2.4 Documentation & Follow-up Phase: The documentation of HAZOP analyses is often facilitated by utilizing a template recording form as detailed in IEC Standard 61882. Risk assessment teams may modify the template as necessary based on factors such as: Regulatory requirements. Need for more explicit risk rating or prioritization (ex: rating deviation probabilities, severities, and/or detection). Company documentation policies. Needs for traceability or audit readiness.Other factors: A typical HAZOP recording template is shown on the following page, including example entries that correspond to the cleaning process analysis example from section 2.2.
Hazard & Operability Analysis (HAZOP) Once the HAZOP analysis is complete, the study outputs and conclusions should be documented commensurate with the nature of risks assessed in the study and per individual company documentation policies. As part of closure for the HAZOP analysis, it should be verified that a process exists to ensure that assigned actions are closed in a satisfactory manner.
3 Risk Review: On a long-term basis, operational feedback should confirm that the assessment and control steps are adequately addressing the risk question. If this is not the case, it may be necessary to review all assumptions. Feedback should correspond to ensuring that assumptions made about the level of residual risks are still valid. Residual risks are risks that are expected to remain after risk control strategies have been exercised. It is also important to note that new risks may arise from risk control practices. Sometimes risks that were not originally identified or may have been filtered out during the initial risk assessment can become aggravating factors due to the implementation of risk control measures.
4 Risk Communication: HAZOP is a powerful communication tool. The output of the tool should always be presented at a level of detail appropriate for the various stakeholders. This is important not just for presenting results, but also for obtaining early buy-in on the approach. In cases where HAZOP is used as the basis for a “GxP” decision or some other regulated authorization, the approach should be documented in a Standard Operating Procedure. It may not be necessary to include detailed scoring steps or algorithms in the procedure, but they should be documented in a controlled report. Updates to the portfolio should also be controlled.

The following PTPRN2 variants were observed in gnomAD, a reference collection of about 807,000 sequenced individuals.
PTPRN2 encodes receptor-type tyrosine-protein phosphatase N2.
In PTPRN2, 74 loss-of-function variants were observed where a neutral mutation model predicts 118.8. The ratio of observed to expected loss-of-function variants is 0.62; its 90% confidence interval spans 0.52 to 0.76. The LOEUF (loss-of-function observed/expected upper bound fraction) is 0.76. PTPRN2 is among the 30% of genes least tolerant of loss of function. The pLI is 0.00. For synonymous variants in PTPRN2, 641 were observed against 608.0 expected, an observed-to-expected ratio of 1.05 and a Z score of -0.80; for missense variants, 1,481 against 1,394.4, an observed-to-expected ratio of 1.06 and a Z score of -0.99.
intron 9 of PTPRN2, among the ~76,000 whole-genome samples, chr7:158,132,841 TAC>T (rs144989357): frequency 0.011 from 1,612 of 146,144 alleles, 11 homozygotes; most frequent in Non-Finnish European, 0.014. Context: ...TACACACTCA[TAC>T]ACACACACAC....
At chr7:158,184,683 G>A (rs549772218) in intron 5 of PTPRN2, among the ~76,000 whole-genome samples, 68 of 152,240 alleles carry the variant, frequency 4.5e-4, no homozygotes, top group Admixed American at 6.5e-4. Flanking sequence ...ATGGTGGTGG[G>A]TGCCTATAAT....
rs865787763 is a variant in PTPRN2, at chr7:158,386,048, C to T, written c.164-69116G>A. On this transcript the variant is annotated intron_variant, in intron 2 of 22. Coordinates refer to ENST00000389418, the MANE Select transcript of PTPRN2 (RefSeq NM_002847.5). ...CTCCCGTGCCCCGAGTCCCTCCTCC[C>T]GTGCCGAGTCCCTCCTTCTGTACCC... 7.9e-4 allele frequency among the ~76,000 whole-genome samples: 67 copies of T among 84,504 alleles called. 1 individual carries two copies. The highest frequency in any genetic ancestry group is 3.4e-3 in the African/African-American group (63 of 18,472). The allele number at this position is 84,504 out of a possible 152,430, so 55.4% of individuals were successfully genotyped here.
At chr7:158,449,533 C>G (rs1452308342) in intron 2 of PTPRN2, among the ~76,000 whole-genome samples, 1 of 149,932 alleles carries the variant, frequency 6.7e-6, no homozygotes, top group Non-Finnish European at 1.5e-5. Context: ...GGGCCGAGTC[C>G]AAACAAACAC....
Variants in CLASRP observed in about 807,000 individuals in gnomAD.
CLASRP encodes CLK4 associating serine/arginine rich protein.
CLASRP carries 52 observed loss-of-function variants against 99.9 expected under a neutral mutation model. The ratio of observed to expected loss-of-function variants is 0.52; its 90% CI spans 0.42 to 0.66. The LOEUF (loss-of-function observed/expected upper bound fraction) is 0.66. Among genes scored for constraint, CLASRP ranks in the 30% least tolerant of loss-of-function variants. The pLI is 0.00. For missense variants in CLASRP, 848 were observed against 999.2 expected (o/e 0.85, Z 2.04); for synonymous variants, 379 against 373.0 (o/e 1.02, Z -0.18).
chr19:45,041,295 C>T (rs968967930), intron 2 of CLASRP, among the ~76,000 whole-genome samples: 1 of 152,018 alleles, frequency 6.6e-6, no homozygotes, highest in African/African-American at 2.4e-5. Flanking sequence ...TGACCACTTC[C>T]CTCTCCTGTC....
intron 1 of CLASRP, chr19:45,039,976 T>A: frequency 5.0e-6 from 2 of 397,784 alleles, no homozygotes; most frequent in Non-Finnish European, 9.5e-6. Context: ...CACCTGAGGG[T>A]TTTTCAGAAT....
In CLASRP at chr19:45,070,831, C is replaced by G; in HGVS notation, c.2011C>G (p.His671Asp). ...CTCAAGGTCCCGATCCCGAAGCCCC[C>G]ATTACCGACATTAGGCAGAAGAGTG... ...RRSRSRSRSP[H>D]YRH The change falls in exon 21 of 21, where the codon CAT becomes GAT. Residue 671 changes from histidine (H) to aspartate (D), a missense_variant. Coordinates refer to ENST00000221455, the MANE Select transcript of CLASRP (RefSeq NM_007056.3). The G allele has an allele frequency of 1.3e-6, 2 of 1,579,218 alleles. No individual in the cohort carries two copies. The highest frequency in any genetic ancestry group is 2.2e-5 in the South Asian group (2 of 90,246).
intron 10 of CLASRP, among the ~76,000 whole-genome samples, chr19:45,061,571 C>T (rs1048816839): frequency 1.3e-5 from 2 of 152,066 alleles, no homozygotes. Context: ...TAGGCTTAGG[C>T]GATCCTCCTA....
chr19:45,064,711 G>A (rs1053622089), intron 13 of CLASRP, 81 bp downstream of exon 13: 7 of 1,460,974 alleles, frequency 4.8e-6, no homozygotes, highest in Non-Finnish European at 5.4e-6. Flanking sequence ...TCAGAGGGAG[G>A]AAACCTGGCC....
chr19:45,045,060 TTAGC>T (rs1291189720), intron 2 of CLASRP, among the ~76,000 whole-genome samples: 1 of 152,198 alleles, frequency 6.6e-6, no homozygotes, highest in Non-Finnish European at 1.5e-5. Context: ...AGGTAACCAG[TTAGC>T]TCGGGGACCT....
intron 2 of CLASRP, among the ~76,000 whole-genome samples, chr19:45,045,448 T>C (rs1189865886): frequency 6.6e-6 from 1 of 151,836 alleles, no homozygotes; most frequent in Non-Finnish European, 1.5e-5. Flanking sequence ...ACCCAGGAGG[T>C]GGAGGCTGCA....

HAZOP GOES THROUGH THE FOLLOWING PHASES: DEFINITION, PREPARATION, EXAMINATION, DOCUMENTATION, RISK REVIEW AND RISK COMMUNICATION. IN THE DEFINITION PHASE, THE RISK IS IDENTIFIED PRIMARILY BY THE TEAM MEMBERS WHO ARE SPECIALISTS. THEY IDENTIFY THE BOUNDARIES OF THE STUDY, THE KEY INTERFACES AND THE KEY ASSUMPTIONS UNDER WHICH THE ASSESSMENT WILL BE DONE. NEXT, IS THE PREPARATORY PHASE, UNDER WHICH SUPPORTING INFORMATION AND DATA ARE IDENTIFIED, THE USERS AND AUDIENCE OF THE STUDY IS ALSO RECOGNIZED AND PREPARATIONS ARE MADE FOR PROJECT MANAGEMENT WHICH GENERALLY INCLUDE ACTIVITIES LIKE MEETING'S SCHEDULE ETC. HAZOP GUIDE WORDS LIKE OTHER THAN, NO,MORE ETC ARE IDENTIFIED WHICH ARE THE KEY ELEMENTS IN THE ANALYSIS. THIRD, IN THE EXAMINATION PHASE, THE ELEMENTS OF SYSTEMS THAT RE TO BE EXAMINED ARE IDENTIFIED AND HAZOP GUIDE WORDS ARE APPLIED TO THEM. THEIR CREDIBILITY IS TESTED BY IDENTIFYING THEIR REASONABLE USE. DECISION IS MADE WHETHER THESE SHOULD BE FURTHER ASSESSED. THEREAFTER DOCUMENTATION PHASE BEGINS IN WHICH A TEMPLATE IS USED TO RECORD THE ANALYSIS WHICH IS GIVEN IN IEC STANDARD 61882. THE DOCUMENTATION IS REQUIRED FOR TRACEABILITY. WHEN HAZOP ANALYSIS IS COMPLETED, THEN THE OUTCOMES ARE TO BE DOCUMENTED ALONG WITH THE RISKS ASSESSED. ALSO, THE HAZOP ANALYSIS SHOULD BE CLOSED IN A SATISFACTORY MANNER AS PER ASSIGNED ACTIONS. AFTER DOCUMENTATION, RISKS ARE REVIEWED THROUGH OPERATIONAL FEEDBACKS. IF THE FEEDBACKS DOESN'T CONFIRM THE VALIDITY OF RISK QUESTIONS THEN, ALL THE ASSUMPTIONS ARE TO BE REVIEWED. FEEDBACKS SHOULD ENSURE THAT THE ASSUMPTIONS ABOUT THE RESIDUAL RISKS ARE VALID. LASTLY, HAZOP GOES THROUGH THE RISK COMMUNICATION PHASE. THE OUTCOMES SHOULD BE COMMUNICATED TO ALL THE STAKEHOLDERS IN DETAIL. IT HELPS IN EARLY BUY-IN APPROACH. HAZOP SHOULD BE DOCUMENTED IN THE STANDARD OPERATING PROCEDURE WHEN IT IS USED TO MAKE "GxP" DECISIONS. ON THE WHOLE, HAZOP IS A POWERFUL TOOL OF COMMUNICATION.